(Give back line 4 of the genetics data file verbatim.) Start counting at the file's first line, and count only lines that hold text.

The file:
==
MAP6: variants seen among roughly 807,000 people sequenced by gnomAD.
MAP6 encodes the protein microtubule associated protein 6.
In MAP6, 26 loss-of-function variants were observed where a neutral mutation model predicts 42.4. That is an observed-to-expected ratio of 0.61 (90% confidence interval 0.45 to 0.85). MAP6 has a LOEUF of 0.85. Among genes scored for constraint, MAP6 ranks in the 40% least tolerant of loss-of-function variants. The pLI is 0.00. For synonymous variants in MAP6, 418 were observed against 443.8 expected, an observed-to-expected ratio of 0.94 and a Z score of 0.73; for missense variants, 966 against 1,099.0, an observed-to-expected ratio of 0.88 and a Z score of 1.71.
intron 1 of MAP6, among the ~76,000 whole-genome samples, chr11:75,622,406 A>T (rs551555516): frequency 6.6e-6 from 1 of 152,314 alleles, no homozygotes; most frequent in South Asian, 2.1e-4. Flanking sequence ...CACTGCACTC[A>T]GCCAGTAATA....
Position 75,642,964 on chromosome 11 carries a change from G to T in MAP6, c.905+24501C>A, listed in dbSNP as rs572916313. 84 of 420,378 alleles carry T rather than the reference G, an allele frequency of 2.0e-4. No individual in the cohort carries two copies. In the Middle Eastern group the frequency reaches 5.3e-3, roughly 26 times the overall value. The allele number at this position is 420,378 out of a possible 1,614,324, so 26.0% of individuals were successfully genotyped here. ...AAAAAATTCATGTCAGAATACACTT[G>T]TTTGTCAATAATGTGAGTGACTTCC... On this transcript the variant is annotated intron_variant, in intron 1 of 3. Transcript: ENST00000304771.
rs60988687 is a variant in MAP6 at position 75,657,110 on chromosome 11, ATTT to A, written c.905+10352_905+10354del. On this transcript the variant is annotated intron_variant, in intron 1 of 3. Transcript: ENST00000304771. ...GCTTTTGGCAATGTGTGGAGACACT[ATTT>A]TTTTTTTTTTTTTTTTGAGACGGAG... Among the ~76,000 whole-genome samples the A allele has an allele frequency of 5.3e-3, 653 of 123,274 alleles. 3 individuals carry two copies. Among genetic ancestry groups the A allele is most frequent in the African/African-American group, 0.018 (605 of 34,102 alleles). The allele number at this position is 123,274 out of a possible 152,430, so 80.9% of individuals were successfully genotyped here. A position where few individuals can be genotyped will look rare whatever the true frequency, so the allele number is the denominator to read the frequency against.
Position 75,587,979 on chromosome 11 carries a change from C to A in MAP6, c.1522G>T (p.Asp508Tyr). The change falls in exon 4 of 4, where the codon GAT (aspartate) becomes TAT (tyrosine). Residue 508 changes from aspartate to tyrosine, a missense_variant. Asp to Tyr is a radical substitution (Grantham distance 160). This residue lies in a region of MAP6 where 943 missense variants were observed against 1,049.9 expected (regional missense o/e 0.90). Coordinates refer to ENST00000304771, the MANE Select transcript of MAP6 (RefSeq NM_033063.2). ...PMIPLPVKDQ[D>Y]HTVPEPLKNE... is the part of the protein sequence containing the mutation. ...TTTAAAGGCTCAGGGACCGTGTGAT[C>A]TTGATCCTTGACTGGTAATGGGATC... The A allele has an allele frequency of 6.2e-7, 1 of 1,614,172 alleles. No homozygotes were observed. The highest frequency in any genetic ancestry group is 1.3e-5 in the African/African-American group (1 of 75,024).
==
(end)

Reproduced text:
intron 1 of MAP6, among the ~76,000 whole-genome samples, chr11:75,622,406 A>T (rs551555516): frequency 6.6e-6 from 1 of 152,314 alleles, no homozygotes; most frequent in South Asian, 2.1e-4. Flanking sequence ...CACTGCACTC[A>T]GCCAGTAATA....